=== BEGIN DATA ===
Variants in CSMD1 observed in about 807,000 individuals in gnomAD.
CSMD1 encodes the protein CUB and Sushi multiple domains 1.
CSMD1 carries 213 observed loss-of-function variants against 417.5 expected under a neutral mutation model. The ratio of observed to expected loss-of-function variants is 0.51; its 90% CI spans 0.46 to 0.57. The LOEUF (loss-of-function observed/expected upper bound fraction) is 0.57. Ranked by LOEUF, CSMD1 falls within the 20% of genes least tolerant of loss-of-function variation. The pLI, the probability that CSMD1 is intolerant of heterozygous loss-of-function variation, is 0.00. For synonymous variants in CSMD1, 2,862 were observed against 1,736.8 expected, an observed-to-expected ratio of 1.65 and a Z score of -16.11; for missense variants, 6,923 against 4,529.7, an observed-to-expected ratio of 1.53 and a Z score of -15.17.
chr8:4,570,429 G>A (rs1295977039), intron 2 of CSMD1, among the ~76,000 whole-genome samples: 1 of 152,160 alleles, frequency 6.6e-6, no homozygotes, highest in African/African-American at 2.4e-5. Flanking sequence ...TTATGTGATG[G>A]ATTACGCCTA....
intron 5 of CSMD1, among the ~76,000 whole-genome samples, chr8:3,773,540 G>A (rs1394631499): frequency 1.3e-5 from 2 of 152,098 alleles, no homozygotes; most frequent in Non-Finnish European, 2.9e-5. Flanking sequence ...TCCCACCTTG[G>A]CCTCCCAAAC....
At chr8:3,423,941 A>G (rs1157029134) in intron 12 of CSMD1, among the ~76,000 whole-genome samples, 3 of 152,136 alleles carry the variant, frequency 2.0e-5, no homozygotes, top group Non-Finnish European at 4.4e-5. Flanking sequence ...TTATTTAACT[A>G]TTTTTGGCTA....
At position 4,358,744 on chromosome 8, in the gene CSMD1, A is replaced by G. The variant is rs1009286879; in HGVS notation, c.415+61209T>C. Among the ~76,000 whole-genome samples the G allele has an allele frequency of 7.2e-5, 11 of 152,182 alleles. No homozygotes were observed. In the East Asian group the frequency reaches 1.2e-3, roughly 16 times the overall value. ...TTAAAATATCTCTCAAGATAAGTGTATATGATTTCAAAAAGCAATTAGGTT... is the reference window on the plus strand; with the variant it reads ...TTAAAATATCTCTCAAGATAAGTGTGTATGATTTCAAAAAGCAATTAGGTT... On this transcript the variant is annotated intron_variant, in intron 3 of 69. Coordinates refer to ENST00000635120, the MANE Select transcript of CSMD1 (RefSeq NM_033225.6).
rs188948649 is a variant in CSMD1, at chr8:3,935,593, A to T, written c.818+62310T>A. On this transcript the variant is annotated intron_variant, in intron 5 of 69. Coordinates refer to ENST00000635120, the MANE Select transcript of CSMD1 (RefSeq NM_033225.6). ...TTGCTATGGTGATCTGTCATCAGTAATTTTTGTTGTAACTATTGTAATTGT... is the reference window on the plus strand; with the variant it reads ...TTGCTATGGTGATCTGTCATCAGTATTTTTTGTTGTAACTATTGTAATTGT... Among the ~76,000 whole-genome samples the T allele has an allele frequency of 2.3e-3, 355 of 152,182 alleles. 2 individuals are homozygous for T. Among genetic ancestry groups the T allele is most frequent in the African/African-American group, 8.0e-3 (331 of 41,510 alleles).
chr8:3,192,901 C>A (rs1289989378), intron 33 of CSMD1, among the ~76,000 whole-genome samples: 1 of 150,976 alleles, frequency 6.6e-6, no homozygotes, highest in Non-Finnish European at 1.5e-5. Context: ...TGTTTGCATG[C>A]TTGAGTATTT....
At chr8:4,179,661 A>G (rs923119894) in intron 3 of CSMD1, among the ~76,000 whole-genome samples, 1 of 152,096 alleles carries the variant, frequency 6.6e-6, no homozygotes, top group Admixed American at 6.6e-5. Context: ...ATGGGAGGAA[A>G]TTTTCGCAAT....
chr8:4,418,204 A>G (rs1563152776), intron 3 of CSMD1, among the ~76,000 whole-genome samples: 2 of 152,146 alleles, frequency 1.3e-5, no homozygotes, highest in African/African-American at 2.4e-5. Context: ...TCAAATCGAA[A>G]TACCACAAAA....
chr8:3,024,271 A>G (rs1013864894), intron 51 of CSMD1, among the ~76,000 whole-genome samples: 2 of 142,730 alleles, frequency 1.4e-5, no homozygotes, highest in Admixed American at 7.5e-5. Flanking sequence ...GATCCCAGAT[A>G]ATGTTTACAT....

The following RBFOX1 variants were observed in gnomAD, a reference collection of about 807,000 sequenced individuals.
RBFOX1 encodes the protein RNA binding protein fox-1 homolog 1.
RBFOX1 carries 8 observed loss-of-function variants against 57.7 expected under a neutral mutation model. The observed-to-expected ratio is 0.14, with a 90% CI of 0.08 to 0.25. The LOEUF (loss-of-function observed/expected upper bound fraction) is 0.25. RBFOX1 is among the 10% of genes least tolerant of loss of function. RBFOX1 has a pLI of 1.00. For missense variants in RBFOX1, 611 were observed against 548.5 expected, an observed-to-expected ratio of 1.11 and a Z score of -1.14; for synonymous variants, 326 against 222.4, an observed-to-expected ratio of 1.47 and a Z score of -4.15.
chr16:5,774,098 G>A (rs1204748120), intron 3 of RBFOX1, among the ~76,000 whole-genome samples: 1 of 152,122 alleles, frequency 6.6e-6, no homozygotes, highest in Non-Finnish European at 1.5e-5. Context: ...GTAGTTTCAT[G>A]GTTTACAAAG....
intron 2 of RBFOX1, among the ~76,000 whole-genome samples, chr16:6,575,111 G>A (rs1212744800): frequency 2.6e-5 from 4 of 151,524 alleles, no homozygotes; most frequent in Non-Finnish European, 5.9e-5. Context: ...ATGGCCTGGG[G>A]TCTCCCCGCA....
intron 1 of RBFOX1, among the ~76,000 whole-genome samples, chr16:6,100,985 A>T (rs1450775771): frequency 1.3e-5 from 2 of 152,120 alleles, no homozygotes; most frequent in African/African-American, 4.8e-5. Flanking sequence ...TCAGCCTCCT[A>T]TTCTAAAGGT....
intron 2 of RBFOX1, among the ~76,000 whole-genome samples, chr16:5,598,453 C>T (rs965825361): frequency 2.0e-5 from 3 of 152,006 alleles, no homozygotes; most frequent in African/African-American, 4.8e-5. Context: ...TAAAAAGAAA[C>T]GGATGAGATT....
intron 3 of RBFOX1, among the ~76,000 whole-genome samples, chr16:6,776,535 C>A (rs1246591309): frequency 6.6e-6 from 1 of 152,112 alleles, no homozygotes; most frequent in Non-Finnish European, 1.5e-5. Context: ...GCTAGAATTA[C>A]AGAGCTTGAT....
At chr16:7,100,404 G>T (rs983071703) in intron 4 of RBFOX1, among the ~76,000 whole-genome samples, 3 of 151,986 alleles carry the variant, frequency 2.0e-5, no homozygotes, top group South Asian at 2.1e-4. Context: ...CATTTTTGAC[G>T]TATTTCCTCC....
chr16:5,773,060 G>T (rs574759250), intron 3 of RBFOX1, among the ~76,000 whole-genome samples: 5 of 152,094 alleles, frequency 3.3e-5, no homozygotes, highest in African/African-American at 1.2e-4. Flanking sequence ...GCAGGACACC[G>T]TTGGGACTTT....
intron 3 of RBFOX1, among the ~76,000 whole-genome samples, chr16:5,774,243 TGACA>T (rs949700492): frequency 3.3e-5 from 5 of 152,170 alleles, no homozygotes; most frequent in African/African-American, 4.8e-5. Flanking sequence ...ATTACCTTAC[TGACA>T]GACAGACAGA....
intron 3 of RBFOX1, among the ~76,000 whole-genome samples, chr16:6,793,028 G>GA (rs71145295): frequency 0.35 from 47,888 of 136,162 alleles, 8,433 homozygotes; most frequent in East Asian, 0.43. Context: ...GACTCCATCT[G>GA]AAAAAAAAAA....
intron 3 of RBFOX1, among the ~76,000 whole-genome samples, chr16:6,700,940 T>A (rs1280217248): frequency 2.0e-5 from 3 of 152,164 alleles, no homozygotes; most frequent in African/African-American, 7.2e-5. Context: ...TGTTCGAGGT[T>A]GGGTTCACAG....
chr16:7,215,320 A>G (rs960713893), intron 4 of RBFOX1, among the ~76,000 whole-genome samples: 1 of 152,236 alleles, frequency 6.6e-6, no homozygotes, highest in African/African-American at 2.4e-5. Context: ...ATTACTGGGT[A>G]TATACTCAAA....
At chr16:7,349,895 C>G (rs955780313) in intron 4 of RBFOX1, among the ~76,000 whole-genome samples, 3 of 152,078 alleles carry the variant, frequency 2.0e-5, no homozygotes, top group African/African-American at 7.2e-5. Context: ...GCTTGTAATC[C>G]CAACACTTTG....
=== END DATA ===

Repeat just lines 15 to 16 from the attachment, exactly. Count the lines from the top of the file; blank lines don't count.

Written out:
RBFOX1 carries 8 observed loss-of-function variants against 57.7 expected under a neutral mutation model. The observed-to-expected ratio is 0.14, with a 90% CI of 0.08 to 0.25. The LOEUF (loss-of-function observed/expected upper bound fraction) is 0.25. RBFOX1 is among the 10% of genes least tolerant of loss of function. RBFOX1 has a pLI of 1.00. For missense variants in RBFOX1, 611 were observed against 548.5 expected, an observed-to-expected ratio of 1.11 and a Z score of -1.14; for synonymous variants, 326 against 222.4, an observed-to-expected ratio of 1.47 and a Z score of -4.15.
chr16:5,774,098 G>A (rs1204748120), intron 3 of RBFOX1, among the ~76,000 whole-genome samples: 1 of 152,122 alleles, frequency 6.6e-6, no homozygotes, highest in Non-Finnish European at 1.5e-5. Context: ...GTAGTTTCAT[G>A]GTTTACAAAG....